To implement SDN networks, two basic methods are used [6]:

1. Implementation of SDN based on the specific switch (OpenFlow protocol).

2. Implementation of SDN Based on the Virtual Switch by Overlay Technology.

Software-configured networks allow the use of extended functionality for computer network management. For example, it allows centralized management of all network resources (such as communication channels and network equipment), the ability to use software applications for the automatic management of network equipment configuration, the provision of additional network security, automatic network reconfiguration in case of equipment failure or link breakage, and the provision of Quality of Service (QoS) options such as traffic prioritization. In addition, SDN networking simplifies network equipment management through standardization of the controller interaction protocol and the physical infrastructure. In this case, equipment guided by the controller can perform functions not native to modern switches (e.g., firewall function). SDN networking also optimizes routing for data streams and provides tools for lightweight networks virtualization. Therefore, SDN networks can be used in the architecture of present and future cellular networks.

2. Using the SDN Concept in Cellular Networks

SND and SDR architecture involves replacing the varied equipment types of a network (BSC, RNC, MSC, MGW, SGSN, GGSN, MME, S-GW, P-GW, etc.) with a common hardware platform on which all their functions are virtualized. Rather than employing a wide variety of equipment, a single powerful hypervisor is used to run virtual machines, each of which performs a hardware function. Fig. 1 shows network architecture using SDR/SDN. This architecture allows the creation of modern mobile networks which can easily switch between standards (i.e., GSM, UMTS, and LTE) and provide new services more quickly. In addition, software-configured network can fundamentally change optical transport networks, as SDN will apply centralized network control, ensuring its programmability and automation as well as providing different services for different. QoS. Therefore, Open Networking Foundation (ONF) conducts development of open transport switches (OTS), which act as intermediaries between the controller and the optical switch.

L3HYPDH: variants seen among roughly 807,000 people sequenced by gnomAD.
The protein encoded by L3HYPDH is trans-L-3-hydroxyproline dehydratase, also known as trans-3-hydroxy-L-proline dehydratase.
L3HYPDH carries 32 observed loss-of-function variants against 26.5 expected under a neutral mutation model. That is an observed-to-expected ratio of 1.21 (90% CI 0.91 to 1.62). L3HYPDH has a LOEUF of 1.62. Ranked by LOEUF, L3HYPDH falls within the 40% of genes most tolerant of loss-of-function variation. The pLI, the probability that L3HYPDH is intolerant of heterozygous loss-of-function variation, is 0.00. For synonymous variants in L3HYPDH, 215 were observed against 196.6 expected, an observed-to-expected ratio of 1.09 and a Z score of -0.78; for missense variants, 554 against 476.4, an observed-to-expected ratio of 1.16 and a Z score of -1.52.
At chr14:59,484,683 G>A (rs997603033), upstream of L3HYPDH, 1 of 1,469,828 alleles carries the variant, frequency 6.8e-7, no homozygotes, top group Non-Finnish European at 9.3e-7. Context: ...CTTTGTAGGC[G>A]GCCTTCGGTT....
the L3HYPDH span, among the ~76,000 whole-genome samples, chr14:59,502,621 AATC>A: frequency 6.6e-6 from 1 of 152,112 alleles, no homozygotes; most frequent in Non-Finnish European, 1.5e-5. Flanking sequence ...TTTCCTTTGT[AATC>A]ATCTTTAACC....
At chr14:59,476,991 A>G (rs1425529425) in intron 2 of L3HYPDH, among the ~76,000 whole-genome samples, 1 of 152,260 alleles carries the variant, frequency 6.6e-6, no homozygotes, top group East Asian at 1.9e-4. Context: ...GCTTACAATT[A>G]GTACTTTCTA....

An OTS is a server with a virtual software switch installed on it. Its internal structure is shown in Fig. 2. An OTS communicates with its controller via the OpenFlow protocol. A specific command syntax is used for a specific switch to interact with the optical switch. In an optical network, an OTS that is connected to a switch receives information about the parameters of the switch and transmits that information to the controller. Thus, the controller receives a complete view of network resources, such as the number of channels, bandwidth, QoS parameters, etc.